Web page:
End: may 2024
Start: jun 2020
Plant pathogens and invertebrates harmful to plants continue to threatenfood security and natural habitats. In Norway, the responsibility of performingplant health inspections on imported plants has gradually shifted to importersof plants who are currently responsible for internal pest control and mustbe registered with the Norwegian Food Safety Authority.
|Start - end date||01.06.2020 - 31.05.2024|
|Project manager||Frode Veggeland|
|Division||Division of Food Production and Society|
|Department||Economics and Society|
This plant healthsystem poses several challenges to import risk analysis due to the greatvariety of importers (e.g. professional business, individuals like farmersand garden owners) and thus of capacities to comply with rules. Therefore,research is needed on how the current regulatory framework affects theeffectiveness of import risk analysis. STOPPest asks What are the conditionsfor effective management of plant health with regard to plant imports
Its main objective is to produce knowledge on the conditions for effectivemanagement of plant health regarding plant imports. We will analyze threecase studies: strawberry plants, ornamentals, and seeds. We will map andassess the regulatory framework, review existing research on biological risksand analyze the importers´ behavior and practices to identify the weakness in the current system.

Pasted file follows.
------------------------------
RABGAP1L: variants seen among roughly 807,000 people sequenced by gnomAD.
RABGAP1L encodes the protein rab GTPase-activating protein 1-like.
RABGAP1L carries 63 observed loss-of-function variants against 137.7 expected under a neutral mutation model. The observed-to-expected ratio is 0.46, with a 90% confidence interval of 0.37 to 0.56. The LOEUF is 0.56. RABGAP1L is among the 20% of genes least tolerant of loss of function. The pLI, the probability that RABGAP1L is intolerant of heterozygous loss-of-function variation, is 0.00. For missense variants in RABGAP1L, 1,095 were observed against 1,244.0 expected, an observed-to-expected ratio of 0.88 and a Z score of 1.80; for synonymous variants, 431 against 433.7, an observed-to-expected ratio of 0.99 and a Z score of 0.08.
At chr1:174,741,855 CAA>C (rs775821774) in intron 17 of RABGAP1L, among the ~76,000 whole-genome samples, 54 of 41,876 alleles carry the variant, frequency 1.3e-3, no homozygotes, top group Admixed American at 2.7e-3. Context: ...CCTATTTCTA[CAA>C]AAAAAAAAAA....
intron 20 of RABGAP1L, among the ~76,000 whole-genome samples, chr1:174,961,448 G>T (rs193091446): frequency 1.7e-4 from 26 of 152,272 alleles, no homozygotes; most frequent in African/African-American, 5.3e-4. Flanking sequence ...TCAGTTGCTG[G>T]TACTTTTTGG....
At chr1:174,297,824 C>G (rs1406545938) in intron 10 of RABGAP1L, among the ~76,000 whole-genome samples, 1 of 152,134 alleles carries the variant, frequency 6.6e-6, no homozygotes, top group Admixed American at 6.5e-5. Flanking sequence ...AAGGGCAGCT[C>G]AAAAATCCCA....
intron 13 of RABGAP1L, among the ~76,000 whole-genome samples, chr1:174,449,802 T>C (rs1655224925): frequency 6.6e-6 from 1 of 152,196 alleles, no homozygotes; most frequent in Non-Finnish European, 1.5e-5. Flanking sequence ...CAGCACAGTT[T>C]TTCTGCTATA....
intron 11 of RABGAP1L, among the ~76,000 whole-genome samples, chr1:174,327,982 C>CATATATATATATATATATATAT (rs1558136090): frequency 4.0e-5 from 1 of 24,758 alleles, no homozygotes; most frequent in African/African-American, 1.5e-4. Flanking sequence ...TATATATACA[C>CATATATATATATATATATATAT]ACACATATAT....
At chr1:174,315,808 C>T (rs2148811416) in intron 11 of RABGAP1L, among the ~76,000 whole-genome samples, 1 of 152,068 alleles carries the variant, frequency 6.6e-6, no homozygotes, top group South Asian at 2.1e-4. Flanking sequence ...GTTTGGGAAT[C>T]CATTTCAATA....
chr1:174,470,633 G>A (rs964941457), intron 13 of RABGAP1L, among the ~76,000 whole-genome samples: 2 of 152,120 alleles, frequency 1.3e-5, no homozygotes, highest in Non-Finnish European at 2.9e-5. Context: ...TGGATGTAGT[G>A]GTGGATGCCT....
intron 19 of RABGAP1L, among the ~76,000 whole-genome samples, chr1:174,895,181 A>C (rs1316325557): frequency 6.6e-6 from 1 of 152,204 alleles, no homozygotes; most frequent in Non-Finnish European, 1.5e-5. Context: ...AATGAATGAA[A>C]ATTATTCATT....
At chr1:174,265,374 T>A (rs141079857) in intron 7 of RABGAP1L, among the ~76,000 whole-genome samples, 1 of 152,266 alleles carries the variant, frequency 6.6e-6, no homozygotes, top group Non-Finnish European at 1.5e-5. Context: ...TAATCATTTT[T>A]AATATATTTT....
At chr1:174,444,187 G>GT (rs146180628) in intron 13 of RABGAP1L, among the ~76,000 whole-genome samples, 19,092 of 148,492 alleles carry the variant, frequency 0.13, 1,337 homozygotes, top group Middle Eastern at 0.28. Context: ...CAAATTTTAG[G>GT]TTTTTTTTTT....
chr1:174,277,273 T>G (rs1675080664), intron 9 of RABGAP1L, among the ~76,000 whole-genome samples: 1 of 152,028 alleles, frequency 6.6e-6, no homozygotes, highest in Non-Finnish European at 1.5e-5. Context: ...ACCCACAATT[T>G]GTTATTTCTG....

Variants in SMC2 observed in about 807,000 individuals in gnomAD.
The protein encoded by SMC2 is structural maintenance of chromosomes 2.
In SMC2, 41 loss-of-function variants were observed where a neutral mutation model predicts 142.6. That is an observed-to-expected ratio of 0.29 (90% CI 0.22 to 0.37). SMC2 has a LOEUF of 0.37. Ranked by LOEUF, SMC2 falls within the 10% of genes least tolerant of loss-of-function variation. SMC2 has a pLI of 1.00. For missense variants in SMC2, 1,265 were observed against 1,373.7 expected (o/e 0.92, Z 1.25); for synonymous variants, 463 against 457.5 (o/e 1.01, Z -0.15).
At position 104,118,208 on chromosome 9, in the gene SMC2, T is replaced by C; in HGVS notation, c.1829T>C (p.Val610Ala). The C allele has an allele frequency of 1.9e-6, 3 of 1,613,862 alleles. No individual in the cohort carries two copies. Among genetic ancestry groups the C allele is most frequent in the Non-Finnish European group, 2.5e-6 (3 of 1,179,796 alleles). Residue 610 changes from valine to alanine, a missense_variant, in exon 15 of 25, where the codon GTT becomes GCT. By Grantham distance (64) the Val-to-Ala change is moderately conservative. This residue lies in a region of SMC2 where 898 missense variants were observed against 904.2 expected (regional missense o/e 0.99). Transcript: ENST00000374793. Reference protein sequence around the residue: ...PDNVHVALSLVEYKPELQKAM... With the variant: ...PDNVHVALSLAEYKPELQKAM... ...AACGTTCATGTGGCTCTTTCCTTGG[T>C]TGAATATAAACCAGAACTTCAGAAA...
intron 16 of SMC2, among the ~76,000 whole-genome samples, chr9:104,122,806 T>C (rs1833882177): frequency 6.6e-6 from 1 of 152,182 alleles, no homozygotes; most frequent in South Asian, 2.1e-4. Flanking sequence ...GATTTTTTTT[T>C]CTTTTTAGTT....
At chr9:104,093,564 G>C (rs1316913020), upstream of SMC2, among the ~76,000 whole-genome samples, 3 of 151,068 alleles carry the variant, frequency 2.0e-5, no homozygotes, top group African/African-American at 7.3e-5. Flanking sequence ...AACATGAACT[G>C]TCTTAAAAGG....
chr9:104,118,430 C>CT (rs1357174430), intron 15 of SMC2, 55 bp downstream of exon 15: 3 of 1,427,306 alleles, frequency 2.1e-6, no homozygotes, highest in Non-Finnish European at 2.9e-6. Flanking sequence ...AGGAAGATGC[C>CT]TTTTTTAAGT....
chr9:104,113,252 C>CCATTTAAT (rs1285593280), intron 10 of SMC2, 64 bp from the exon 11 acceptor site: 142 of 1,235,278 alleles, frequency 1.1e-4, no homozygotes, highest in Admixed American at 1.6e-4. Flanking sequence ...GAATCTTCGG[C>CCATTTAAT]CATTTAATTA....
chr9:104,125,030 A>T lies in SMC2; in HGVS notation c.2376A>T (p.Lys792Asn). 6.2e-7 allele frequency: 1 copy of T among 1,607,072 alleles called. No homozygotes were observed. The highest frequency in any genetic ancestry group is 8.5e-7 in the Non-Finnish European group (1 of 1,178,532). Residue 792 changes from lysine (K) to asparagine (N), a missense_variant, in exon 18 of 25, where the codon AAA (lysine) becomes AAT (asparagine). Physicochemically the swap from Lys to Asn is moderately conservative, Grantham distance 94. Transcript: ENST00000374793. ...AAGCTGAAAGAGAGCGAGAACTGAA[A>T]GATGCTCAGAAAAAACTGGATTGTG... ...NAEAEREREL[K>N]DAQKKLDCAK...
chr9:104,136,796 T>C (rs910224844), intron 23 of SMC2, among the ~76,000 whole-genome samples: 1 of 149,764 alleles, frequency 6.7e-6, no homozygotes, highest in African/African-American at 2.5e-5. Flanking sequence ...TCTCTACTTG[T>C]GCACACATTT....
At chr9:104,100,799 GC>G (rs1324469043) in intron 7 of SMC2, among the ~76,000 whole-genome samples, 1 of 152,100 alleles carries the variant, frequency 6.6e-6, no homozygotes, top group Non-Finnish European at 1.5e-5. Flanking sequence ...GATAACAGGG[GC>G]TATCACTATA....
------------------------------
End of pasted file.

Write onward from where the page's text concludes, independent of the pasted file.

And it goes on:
We will implement an interdisciplinary researchdesign and do a triangulation of methods, i.e. document analysis, interviews,focus groups, survey and biological testing (WP2) to compare the resultsof inspections performed by importers and professional inspectors (NIBIOscientists). In WP3, we will do an interdisciplinary and participatory synthesisof the knowledge and results of WP2 by using causal loop diagramming toexamine how the regulatory framework for imported plants and seeds can beimproved, and what are the necessary conditions for enabling plant importersto ensure a satisfactory phytosanitary status.